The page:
Expenses and disbursements are two terms that are often used interchangeably but they have distinct differences in terms of the effect on VAT (Value Added Tax) purposes in the UK.


What are expenses? 

Expenses refer to costs that a business incurs in carrying out its trade or business, such as rent, salaries, utilities, and office supplies. These expenses are typically incurred by the business itself and are subject to VAT if they are taxable supplies. The business can recover the VAT paid on these expenses by claiming input tax credit on their VAT return.

What are disbursements? 

On the other hand, disbursements refer to expenses that a business incurs on behalf of its clients or customers, which are then passed on to the client or customer as a reimbursement. Disbursements can include expenses such as travel costs, courier fees, or postage costs.  

Disbursements are not subject to VAT and do not count towards the business’s taxable turnover. Therefore, a business cannot recover VAT on disbursements and should not include them in its VAT returns. 

It is important to note that not all costs that a business incurs on behalf of its clients or customers are considered disbursements for VAT purposes. For a cost to be considered a disbursement, it must meet certain criteria.  

For example, the cost must be incurred by the business as an agent of the client or customer, and the client or customer must be responsible for paying the cost directly to the third-party supplier. The business must not make any profit on the disbursement and must not be responsible for any VAT charged on the cost.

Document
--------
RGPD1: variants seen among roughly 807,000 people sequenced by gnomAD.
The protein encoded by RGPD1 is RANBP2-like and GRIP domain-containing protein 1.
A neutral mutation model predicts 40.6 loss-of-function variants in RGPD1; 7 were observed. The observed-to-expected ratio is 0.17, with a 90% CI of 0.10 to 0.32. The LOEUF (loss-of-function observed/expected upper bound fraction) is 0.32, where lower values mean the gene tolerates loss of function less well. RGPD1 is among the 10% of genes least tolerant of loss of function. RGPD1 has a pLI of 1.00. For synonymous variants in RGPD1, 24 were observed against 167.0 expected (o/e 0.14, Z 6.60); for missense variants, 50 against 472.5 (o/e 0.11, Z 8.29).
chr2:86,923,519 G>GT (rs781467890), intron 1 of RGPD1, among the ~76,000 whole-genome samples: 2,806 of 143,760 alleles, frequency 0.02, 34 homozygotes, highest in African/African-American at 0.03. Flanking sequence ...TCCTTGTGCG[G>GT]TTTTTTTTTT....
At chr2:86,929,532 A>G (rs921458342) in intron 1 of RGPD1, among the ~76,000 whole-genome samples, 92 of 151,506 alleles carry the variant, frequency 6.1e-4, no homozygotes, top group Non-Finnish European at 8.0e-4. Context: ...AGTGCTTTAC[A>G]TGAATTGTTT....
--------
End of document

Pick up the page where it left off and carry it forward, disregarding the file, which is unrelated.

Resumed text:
Additionally, the following criteria must be met to justify the costs incurred on behalf of your customers as a disbursement: 

  • You paid the supplier on your customer’s behalf and acted as the agent of your customer 
  • Your customer received, used or had the benefit of the goods or services you paid for on their behalf 
  • It was your customer’s responsibility to pay for the goods or services, not yours
  • You had permission from your customer to make the payment 
  • Your customer knew that the goods or services were from another supplier, not from you 
  • You show the costs separately on your invoices
  • You pass on the exact amount of each cost to your customer when you invoice them 
  • The goods and services you paid for are in addition to the cost of your own services

The distinction between expenses and disbursements is important for VAT purposes, as it can impact the amount of VAT a business is required to pay or can recover. It is also vital for businesses to understand the difference between the two, as misclassifying costs can lead to incorrect VAT accounting and potentially costly penalties. 

We understand that there are a lot of technical terms within VAT, so we recently published a VAT Jargon Buster to help. If you have any further questions on expenses and disbursements, please get in touch by calling us on 01792 346272 or contacting our team here.    

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We can support many aspects of tax advice, including income tax, capital gains tax, inheritance tax as well as tax planning and other areas of personal tax. Within our accountancy services offering, we can also aid with quarterly returns and corporation tax returns.